JACK SPITZER, as Trustee of the Max Jones Family Trust u/a/d July 2, 2008, Plaintiff,
THE LINCOLN NATIONAL LIFE INSURANCE COMPANY, Defendant.
MITCHELL S. GOLDBERG, J.
This action arises out of Defendant’s alleged failure to pay $20, 000, 000 in proceeds from two life insurance policies purchased by Plaintiff. Presently before the Court is Plaintiff’s motion to remand and request for attorneys’ fees and costs. For the reasons set forth below, the motion to remand and request for attorneys’ fees and costs will be granted.
I. FACTUAL AND PROCEDURAL BACKGROUND
On September 27, 2012, Plaintiff Jack Spitzer, as Trustee of the Max Jones Family Trust, filed a complaint in the Philadelphia County Court of Common Pleas against Defendant Lincoln National Life Insurance Company (“Lincoln Life”). Plaintiff’s three-count complaint alleges breach of contract, fraud and bad faith arising out of Lincoln Life’s failure to pay the proceeds of two $10, 000, 000 “Flexible Premium Adjustable Life Insurance Policies.” On October 17, 2012, Lincoln Life removed the matter to this Court, invoking diversity jurisdiction.
On November 1, 2012, Plaintiff filed a motion to remand contending that the forum defendant rule requires that this case be remanded to the Philadelphia County Court of Common Pleas. More specifically, Plaintiff argues that because Lincoln Life’s principal place of business is located in Radnor, Pennsylvania, Lincoln Life is a citizen of Pennsylvania and was therefore precluded from removing to this Court on the basis of diversity jurisdiction. Plaintiff also seeks attorneys’ fees and costs associated with the removal.
On November 15, 2012, Lincoln Life filed its response in opposition to Plaintiff’s motion. On December 20, 2012, after a telephone conference, the Court granted Plaintiff’s request for limited discovery on the motion. The parties thereafter submitted supplemental briefs on February 15, 2013. The matter is now ripe for disposition.
II. LEGAL STANDARD
A case may be remanded to state court where there was a defect in the removal procedure. See 28 U.S.C. § 1447(c). A removal is procedurally defective if, among other things, it violates the forum defendant rule. Swindell-Filiaggi v. CSX Corp., 2013 WL 489015, at *1 (E.D. Pa. Feb. 8, 2013). Under the forum defendant rule, “[a] civil action otherwise removable solely on the basis of [diversity jurisdiction] may not be removed if any of the parties in interest properly joined and served as defendants is a citizen of the State in which such action is brought.” 28 U.S.C. § 1441(b)(2). Where the defendant is a corporation, it is deemed a citizen of any State in which it has been incorporated and of the State where it has its principal place of business. 28 U.S.C. § 1332(c)(1).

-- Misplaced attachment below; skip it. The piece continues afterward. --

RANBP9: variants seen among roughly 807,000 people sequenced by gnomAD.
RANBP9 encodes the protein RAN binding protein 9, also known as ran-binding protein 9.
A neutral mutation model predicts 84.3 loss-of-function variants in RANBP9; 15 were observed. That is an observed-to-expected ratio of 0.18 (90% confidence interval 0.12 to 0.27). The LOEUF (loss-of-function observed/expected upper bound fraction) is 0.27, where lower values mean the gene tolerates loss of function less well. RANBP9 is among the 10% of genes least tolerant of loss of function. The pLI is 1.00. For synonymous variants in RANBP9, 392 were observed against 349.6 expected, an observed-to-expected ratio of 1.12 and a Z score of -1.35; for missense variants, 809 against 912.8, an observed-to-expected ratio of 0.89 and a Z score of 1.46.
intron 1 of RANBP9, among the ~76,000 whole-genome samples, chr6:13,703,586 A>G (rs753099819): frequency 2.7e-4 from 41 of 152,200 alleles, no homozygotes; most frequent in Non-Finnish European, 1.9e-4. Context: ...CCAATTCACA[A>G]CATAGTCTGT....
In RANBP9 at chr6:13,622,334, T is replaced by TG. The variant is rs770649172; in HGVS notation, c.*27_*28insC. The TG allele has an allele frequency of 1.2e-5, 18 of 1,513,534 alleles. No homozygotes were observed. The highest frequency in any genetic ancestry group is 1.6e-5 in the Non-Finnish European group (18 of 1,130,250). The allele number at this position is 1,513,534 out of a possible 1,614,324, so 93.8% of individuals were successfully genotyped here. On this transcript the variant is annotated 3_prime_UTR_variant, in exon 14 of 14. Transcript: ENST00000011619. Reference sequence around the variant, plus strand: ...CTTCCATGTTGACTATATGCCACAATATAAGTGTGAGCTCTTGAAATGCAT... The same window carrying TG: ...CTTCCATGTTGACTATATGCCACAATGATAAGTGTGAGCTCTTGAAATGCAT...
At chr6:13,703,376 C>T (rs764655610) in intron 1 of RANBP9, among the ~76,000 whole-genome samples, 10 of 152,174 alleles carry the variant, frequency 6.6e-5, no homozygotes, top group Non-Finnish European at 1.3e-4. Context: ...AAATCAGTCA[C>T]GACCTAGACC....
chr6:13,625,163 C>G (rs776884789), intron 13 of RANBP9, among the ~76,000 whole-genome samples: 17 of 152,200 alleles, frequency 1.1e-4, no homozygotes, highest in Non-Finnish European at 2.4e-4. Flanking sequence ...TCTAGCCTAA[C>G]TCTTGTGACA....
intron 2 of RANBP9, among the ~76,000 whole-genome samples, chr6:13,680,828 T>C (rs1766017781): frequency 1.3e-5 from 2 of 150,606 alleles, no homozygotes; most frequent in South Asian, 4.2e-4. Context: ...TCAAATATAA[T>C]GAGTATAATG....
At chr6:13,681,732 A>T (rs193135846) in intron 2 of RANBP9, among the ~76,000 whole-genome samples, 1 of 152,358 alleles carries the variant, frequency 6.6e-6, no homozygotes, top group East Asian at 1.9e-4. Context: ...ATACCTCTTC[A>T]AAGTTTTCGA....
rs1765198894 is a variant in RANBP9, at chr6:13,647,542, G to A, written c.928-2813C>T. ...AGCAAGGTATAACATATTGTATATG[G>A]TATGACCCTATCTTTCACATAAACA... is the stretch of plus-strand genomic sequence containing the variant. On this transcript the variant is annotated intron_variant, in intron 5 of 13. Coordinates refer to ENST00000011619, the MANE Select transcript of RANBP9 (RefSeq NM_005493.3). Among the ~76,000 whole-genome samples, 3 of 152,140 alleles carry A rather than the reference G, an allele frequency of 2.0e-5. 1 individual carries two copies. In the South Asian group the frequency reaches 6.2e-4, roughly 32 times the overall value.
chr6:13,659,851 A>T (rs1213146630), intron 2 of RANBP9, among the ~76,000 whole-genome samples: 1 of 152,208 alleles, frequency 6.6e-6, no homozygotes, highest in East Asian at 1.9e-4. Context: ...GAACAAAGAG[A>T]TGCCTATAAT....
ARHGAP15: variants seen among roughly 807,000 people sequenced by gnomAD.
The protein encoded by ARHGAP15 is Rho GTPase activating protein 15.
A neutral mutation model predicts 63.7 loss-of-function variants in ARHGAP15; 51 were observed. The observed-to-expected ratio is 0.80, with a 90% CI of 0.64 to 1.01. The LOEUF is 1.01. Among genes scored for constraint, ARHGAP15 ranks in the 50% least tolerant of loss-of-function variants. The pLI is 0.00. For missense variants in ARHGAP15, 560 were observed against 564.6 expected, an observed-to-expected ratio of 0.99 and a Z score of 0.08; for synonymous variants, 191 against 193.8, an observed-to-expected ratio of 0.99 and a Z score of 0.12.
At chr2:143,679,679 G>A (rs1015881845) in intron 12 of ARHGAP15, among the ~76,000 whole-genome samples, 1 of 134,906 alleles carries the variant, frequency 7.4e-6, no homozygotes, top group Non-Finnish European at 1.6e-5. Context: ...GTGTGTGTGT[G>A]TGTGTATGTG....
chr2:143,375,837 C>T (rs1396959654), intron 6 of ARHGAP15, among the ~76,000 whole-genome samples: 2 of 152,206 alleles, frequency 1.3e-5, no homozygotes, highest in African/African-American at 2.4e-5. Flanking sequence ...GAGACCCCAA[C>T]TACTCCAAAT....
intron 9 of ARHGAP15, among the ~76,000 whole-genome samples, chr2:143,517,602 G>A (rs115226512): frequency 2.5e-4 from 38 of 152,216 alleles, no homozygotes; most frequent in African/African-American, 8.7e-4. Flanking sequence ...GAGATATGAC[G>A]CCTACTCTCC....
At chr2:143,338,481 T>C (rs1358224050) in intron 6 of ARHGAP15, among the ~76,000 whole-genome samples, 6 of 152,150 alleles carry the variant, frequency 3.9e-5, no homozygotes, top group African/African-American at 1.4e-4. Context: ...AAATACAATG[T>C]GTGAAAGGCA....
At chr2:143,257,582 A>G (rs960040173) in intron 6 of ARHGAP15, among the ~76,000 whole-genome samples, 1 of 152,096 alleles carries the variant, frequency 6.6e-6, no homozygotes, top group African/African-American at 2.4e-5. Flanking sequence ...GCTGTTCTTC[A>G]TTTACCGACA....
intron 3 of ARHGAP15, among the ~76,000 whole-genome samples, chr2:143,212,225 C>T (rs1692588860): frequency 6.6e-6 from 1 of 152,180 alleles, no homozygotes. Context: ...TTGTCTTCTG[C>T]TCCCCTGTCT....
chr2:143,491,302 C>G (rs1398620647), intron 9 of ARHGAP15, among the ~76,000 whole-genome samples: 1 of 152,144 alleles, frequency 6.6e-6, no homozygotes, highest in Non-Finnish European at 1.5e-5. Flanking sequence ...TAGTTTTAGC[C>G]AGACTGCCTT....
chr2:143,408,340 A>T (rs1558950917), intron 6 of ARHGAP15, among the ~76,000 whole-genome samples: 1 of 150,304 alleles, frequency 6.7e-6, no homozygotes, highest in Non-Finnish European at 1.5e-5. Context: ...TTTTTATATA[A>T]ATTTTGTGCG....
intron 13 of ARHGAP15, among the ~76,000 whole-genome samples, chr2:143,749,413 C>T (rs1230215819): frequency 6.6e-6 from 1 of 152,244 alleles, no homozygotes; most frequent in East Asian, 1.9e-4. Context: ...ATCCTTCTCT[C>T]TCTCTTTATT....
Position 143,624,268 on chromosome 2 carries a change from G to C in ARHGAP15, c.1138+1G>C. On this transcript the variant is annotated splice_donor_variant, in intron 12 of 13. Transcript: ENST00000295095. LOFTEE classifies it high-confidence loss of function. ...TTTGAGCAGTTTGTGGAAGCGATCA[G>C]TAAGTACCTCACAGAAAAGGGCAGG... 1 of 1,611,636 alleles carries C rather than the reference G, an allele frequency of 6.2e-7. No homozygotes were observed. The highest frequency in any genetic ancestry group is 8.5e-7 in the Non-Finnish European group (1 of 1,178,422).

In considering a motion to remand, a court should strictly construe the removal statute and resolve all doubts in favor of remand. Boyer v. Snap-on Tools Corp., 913 F.2d 108, 111 (3d Cir. 1990) (quoting Steel Valley Auth. v. Union Switch & Signal Div., 809 F.2d 1006, 1010 (3d Cir. 1987)). The removing party bears the burden of showing that it has complied with all substantive and procedural removal requirements. Lewis v. Lycoming, 2012 WL 2422451, at *4 (E.D. Pa. June 27, 2012) (citing Steel Valley Auth. v. Union Switch & Signal Div., 809 F.2d 1006, 1010 (3d Cir. 1987)).
The central issue before us is whether Lincoln Life has met its burden of showing that its principal place of business is in a state other than Pennsylvania. A corporation’s principal place of business is determined by locating the corporation’s “nerve center”—that is, “the place where a corporation’s officers direct, control, and coordinate the corporation’s activities.” Hertz Corp. v. Friend, 130 S.Ct. 1181, 1192 (2010). The nerve center “is not the state where the corporation conducts most of its business activities, but rather the place within the state from which it directs, controls and coordinates those activities, usually its headquarters.” Brewer v. SmithKline Beacham Corp., 774 F.Supp.2d 720, 725 (E.D. Pa. 2011) (citing Hertz Corp., 130 S.Ct. at 1193). As “place” is used in the singular, a corporation can only have one principal place of business. Id. at 1193. Where, as here, the corporation at issue is a subsidiary of another company, the principal place of business inquiry is evaluated without regard to the citizenship of the parent corporation. Quaker State Dyeing & Finishing Co. v. ITT Terryphone Corp., 461 F.2d 1140, 1142 (3d Cir. 1972); Lewis v. Lycoming, 2012 WL 2422451, at *5 (E.D. Pa. June 27, 2012).
In support of their respective positions, the parties point to the following relevant facts.Lincoln Life is a subsidiary of the Lincoln National Corporation (“Lincoln National”). It is a separate entity from Lincoln National and is incorporated in the state of Indiana. The company’s corporate records are located and maintained in Fort Wayne, Indiana. (Smith Dep. 19:3-6, Jan. 28, 2013.)
Lincoln Life’s operations are conducted at four primary office locations, each administering different insurance products: individual life insurance is handled by the Greensboro, North Carolina office; individual annuities are handled by the Fort Wayne, Indiana and Hartford, Connecticut offices; retirement plan services are handled by the Fort Wayne, Indiana and Greensboro, North Carolina offices; and the group life, disability, dental and vision insurance is handled by the Omaha, Nebraska and Hartford, Connecticut offices. These divisions are business units, rather than separate corporate units, of Lincoln Life. The divisions function through four “business owners” based outside of Pennsylvania who are principally responsible for the direct oversight and control of their respective division. However, none of the above individuals has authority to direct, control or coordinate the activities of the other business owners. In ...